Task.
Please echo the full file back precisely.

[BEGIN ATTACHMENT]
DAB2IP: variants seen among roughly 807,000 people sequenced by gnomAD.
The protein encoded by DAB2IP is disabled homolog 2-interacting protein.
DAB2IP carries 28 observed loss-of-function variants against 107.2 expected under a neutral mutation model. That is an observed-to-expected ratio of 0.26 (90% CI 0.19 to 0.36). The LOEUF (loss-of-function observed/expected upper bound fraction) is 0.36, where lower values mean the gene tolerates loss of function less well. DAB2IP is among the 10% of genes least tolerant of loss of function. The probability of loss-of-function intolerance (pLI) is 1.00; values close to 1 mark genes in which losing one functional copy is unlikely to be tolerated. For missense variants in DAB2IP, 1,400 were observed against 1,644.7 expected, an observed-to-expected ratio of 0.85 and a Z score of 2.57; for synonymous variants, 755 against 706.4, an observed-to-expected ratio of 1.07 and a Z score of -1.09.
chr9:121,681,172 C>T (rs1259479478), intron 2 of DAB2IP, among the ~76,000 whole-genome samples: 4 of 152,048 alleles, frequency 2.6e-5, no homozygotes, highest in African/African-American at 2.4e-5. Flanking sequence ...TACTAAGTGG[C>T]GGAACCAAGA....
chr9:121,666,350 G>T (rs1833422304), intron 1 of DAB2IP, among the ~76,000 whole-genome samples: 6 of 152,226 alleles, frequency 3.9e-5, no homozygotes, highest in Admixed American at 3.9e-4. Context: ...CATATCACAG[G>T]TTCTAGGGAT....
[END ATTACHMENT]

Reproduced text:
DAB2IP: variants seen among roughly 807,000 people sequenced by gnomAD.
The protein encoded by DAB2IP is disabled homolog 2-interacting protein.
DAB2IP carries 28 observed loss-of-function variants against 107.2 expected under a neutral mutation model. That is an observed-to-expected ratio of 0.26 (90% CI 0.19 to 0.36). The LOEUF (loss-of-function observed/expected upper bound fraction) is 0.36, where lower values mean the gene tolerates loss of function less well. DAB2IP is among the 10% of genes least tolerant of loss of function. The probability of loss-of-function intolerance (pLI) is 1.00; values close to 1 mark genes in which losing one functional copy is unlikely to be tolerated. For missense variants in DAB2IP, 1,400 were observed against 1,644.7 expected, an observed-to-expected ratio of 0.85 and a Z score of 2.57; for synonymous variants, 755 against 706.4, an observed-to-expected ratio of 1.07 and a Z score of -1.09.
chr9:121,681,172 C>T (rs1259479478), intron 2 of DAB2IP, among the ~76,000 whole-genome samples: 4 of 152,048 alleles, frequency 2.6e-5, no homozygotes, highest in African/African-American at 2.4e-5. Flanking sequence ...TACTAAGTGG[C>T]GGAACCAAGA....
chr9:121,666,350 G>T (rs1833422304), intron 1 of DAB2IP, among the ~76,000 whole-genome samples: 6 of 152,226 alleles, frequency 3.9e-5, no homozygotes, highest in Admixed American at 3.9e-4. Context: ...CATATCACAG[G>T]TTCTAGGGAT....